|Matthew Henry's Concise Commentary|
22:1-14 The king of Moab formed a plan to get the people of Israel cursed; that is, to set God against them, who had hitherto fought for them. He had a false notion, that if he could get some prophet to pray for evil upon them, and to pronounce a blessing upon himself and his forces, that then he should be able to deal with them. None had so great a reputation as Balaam; and Balak will employ him, though he send a great way for him. It is not known whether the Lord had ever spoken to Balaam, or by him, before this; though it is probable he had, and it is certain he did afterwards. Yet we have abundant proof that he lived and died a wicked man, an enemy to God and his people. And the curse shall not come upon us if there is not a cause, even though men utter it. To prevail with Balaam, they took the wages of unrighteousness, but God laid restraint upon Balaam, forbidding him to curse Israel. Balaam was no stranger to Israel's cause; so that he ought to have answered the messengers at once, that he would never curse a people whom God had blessed; but he takes a night's time to consider what he should do. When we parley with temptations, we are in great danger of being overcome. Balaam was not faithful in returning God's answer to the messengers. Those are a fair mark for Satan's temptation, who lessen Divine restraints; as if to go against God's law were only to go without his leave. The messengers also are not faithful in returning Balaam's answer to Balak. Thus many are abused by the flatteries of those about them, and are prevented from seeing their own faults and follies.
Verse 2. - Balak the son of Zippor. The name Balak is connected with a word "to make waste," and "Zippor" is a small bird. Balak was, as is presently explained, the king of Moab at this time, but not the king from whom Sihon had wrested so much of his territory (Numbers 21:26). He seems to be mentioned by name on a papyrus in the British Museum (see Brugseh, 'Geogr. Inschr.,' 2, page 32). The later Jews made him out to have been a Midianite, but this is nothing but the merest conjecture.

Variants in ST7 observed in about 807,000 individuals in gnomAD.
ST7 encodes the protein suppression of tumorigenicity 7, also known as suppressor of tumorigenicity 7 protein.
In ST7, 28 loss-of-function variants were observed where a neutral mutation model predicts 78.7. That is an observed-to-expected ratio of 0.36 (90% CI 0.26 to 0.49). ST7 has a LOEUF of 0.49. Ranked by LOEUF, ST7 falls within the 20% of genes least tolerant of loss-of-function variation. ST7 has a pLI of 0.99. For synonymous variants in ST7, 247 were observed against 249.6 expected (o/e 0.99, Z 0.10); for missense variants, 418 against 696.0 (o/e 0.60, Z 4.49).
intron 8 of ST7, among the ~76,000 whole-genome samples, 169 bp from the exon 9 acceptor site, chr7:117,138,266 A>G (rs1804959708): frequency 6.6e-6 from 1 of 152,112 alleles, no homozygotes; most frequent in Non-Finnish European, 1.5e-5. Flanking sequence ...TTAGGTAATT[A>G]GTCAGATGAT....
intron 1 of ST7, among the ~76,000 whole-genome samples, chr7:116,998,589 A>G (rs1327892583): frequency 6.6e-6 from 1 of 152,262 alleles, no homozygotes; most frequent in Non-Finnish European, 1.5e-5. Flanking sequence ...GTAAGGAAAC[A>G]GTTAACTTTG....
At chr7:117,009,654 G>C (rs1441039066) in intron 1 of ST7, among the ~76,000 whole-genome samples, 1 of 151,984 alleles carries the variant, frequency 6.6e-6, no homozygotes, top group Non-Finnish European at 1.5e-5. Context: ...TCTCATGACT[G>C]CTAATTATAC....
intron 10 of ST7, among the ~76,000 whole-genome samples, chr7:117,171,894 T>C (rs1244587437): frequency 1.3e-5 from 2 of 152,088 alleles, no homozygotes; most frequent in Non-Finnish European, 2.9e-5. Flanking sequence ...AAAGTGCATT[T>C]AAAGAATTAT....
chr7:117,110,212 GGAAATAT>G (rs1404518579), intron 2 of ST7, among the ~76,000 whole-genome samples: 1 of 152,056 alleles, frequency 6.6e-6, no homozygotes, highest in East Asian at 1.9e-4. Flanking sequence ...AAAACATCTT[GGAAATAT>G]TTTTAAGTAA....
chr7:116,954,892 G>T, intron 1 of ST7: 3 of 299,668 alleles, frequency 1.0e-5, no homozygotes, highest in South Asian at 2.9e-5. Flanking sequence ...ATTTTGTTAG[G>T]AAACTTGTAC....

Gill's Exposition of the Entire Bible
And Balak the son of Zippor saw all that Israel had done to the Amorites. The word "Amorites" being particularly pointed, shows, as Aben Ezra observes, that Sihon and Og are both meant, and that there were not among the kings of the land of Canaan any so great as they; wherefore when Balak, who was the present king of Moab, saw what Israel had done to them, that they had conquered them, and seized upon their kingdoms: he reasoned within himself, and said, as Jarchi represents him, that if they could not stand before Israel, much less could he and his people; and the rather, since those kings Israel had subdued were too powerful for the king of Moab, and had taken part of his country from him, and yet Israel was too strong for them.
Jamieson-Fausset-Brown Bible Commentary
2. Balak—that is, "empty." Terrified (De 2:25; Ex 15:15) at the approach of so vast a multitude and not daring to encounter them in the field, he resolved to secure their destruction by other means.
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